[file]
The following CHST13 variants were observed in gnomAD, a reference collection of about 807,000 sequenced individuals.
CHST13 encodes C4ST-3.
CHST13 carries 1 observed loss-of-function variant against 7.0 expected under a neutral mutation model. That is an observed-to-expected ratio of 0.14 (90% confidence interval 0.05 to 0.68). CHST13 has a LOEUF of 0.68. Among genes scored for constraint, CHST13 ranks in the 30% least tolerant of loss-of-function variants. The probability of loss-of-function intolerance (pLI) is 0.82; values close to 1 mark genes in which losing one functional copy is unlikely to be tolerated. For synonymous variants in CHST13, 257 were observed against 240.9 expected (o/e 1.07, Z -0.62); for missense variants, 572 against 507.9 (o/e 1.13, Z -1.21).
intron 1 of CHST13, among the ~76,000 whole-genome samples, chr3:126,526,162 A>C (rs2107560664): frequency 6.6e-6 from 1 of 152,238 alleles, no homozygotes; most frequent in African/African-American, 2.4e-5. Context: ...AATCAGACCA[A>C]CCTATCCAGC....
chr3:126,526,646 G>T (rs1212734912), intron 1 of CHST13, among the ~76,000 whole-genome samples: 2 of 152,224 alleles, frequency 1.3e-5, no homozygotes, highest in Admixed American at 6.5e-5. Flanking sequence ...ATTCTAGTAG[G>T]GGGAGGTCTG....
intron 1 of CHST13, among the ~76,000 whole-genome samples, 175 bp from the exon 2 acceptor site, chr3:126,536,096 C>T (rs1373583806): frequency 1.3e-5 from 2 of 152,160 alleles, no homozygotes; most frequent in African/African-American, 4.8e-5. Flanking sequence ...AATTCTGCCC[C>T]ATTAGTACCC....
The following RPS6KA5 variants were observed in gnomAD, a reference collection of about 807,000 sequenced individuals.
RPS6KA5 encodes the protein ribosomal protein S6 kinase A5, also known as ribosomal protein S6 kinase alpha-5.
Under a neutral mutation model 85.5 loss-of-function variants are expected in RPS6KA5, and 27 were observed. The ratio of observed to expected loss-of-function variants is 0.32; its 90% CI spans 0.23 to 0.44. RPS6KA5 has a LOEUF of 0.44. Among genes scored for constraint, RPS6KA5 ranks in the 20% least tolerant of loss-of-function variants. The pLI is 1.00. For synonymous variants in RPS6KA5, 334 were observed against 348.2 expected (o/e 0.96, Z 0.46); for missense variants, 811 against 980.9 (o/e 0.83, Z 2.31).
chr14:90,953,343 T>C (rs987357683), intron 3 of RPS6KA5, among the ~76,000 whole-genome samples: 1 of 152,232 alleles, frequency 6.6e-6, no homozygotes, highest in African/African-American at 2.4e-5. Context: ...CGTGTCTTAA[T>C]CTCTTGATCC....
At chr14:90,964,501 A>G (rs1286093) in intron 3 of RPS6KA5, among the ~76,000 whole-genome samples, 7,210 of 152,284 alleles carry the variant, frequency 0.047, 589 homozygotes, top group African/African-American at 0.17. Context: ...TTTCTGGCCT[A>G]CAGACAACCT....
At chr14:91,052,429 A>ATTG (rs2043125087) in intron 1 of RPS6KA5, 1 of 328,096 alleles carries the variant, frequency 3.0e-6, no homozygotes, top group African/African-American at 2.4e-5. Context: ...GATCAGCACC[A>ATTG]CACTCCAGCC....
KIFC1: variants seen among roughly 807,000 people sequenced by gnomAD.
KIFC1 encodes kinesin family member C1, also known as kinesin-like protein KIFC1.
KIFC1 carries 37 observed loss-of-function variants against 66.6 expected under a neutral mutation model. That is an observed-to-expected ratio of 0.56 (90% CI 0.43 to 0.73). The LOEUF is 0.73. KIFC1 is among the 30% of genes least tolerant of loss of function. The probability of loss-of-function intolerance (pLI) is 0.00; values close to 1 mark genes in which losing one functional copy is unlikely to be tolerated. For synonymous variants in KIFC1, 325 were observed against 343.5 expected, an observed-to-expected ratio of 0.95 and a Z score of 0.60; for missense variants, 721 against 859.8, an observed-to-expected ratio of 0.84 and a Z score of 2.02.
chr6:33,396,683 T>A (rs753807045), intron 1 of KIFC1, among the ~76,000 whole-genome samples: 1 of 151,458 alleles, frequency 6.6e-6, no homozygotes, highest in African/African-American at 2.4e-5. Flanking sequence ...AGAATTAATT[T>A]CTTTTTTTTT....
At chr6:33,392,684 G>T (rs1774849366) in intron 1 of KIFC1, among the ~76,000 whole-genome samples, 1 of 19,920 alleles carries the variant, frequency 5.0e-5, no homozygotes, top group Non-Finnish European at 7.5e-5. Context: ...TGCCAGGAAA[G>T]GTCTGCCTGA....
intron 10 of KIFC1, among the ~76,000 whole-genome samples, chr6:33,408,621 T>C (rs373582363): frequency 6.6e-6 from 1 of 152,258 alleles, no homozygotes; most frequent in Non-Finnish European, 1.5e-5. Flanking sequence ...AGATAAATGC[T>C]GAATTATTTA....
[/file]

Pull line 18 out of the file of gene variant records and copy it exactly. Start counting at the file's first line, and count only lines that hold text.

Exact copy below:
intron 10 of KIFC1, among the ~76,000 whole-genome samples, chr6:33,408,621 T>C (rs373582363): frequency 6.6e-6 from 1 of 152,258 alleles, no homozygotes; most frequent in Non-Finnish European, 1.5e-5. Flanking sequence ...AGATAAATGC[T>C]GAATTATTTA....